Dufy's Ascot Lithograph

Dufy's Ascot Lithograph
Dufy's Ascot Lithograph
Anonim

Horses, and specifically racecourses and their races, have been the object of attention of many painters, such as Edgar Degas or Georges Stubbs, the first fascinated by trying to capture the movement and speed of these animals, thus taking up a theme that had already begun years before Gericault, with works such as The Epsom Derby. While the second,Stubbs, was a true specialist in painting racehorses, to which he even made personalized portraits, as is the case of his work dedicated to Whistlejacket.

Dufy's Ascot

Dufy's Ascot

Dufy is another of the artists who has left us a multitude of works set in horse racing, but his interest was not in the derby itself, nor in the riders, nor in the anatomy and movements of the mounts. He was more interested in taking snapshots of the richest characters of his time.

Raoul Dufy became fond of going to the racecourses almost by chance, since it was in 1923 when a client of his, a silk businessman, suggested that he go to the races to see what the ladies were wearing, and so he could be inspired for his drawings on the fabrics.

From that moment he became a regular, both in France, where he regularly went to Deauville or Longchamps , as in Great Britain where the famous racecourse ofAscot which he presents to us in this lithograph, but which he also painted on numerous canvases.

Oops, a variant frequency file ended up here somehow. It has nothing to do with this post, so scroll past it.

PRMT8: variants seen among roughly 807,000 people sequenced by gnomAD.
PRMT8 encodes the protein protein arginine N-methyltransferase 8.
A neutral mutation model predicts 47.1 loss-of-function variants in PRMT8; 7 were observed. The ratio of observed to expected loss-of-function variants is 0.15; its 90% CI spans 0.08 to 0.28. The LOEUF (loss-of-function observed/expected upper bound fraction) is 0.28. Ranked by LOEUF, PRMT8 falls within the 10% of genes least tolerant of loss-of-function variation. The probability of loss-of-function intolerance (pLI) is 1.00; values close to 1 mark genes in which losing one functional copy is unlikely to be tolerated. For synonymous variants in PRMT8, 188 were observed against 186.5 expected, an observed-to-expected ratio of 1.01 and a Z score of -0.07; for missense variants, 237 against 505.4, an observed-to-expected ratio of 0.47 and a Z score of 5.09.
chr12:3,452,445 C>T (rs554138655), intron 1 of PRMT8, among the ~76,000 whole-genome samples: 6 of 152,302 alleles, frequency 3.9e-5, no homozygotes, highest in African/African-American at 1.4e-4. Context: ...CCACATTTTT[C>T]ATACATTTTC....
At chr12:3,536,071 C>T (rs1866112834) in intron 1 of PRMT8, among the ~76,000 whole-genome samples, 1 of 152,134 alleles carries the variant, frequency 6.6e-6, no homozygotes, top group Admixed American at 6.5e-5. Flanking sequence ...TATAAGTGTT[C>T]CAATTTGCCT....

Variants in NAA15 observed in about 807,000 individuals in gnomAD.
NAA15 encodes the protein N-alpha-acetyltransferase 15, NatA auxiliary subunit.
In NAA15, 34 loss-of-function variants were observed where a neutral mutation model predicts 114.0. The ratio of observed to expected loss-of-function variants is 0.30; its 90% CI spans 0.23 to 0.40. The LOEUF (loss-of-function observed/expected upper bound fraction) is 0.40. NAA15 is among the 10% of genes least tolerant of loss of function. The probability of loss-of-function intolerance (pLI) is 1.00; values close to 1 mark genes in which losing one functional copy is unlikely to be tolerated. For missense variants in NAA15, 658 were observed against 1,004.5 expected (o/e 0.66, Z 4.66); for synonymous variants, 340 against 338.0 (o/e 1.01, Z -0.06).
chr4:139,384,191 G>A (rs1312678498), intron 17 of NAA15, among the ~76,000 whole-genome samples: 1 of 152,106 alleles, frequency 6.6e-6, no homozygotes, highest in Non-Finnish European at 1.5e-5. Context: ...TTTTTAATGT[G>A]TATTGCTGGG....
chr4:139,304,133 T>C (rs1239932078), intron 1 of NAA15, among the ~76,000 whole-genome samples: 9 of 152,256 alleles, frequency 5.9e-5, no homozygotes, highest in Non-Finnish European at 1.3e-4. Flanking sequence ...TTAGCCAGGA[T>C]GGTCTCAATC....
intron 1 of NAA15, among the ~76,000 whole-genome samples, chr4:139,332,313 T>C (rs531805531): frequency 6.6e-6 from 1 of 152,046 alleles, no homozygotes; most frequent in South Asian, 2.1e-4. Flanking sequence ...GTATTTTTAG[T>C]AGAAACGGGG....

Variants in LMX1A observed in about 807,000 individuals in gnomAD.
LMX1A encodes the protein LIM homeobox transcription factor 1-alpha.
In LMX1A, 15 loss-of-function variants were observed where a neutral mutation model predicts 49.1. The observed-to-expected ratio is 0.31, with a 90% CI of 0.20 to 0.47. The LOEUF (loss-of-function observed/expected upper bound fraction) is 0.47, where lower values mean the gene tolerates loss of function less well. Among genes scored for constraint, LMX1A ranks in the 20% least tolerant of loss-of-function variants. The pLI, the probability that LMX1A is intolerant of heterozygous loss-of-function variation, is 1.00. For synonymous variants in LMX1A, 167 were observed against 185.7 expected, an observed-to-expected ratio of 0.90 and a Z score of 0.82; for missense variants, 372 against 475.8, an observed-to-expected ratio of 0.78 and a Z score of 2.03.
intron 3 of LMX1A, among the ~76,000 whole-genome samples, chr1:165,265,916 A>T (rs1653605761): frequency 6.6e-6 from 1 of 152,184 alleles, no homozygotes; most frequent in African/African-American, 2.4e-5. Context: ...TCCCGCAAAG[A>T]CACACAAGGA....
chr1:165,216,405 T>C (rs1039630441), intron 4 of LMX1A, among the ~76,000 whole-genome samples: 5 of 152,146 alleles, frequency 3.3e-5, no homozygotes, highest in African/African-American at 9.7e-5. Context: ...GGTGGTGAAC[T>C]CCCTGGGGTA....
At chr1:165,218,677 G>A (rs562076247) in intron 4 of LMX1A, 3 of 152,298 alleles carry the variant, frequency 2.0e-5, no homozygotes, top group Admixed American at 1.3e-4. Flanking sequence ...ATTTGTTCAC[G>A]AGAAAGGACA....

In many of these works he presents us with the moments prior to the race itself, when the horses that are going to compete parade before the spectators. Although, those bourgeois and aristocrats also parade with their elegant suits, their top hats and their hats, a tradition that continues today. Dufy shows us that they are completely uninterested in the animals and more concerned with being seen by the rest of the audience.

And pictorially, it is an ideal subject for his loose brushstrokes and the prominence he gives to color, something that is even more appreciated in his canvases such as the Henley Regatta (also made in the United Kingdom) or in the Posters of Trouville. And as always the framing and his technique are worked as if it were a photograph of that specific moment.

Another characteristic factor of Dufy is his capacity for simplification, to rearrange everything and omit any element that he does not think is necessary. Like for example, since his interest is in the fashion of the figures and their aptitudes and interrelationships, he wastes no time in defining the features on the faces of those characters.

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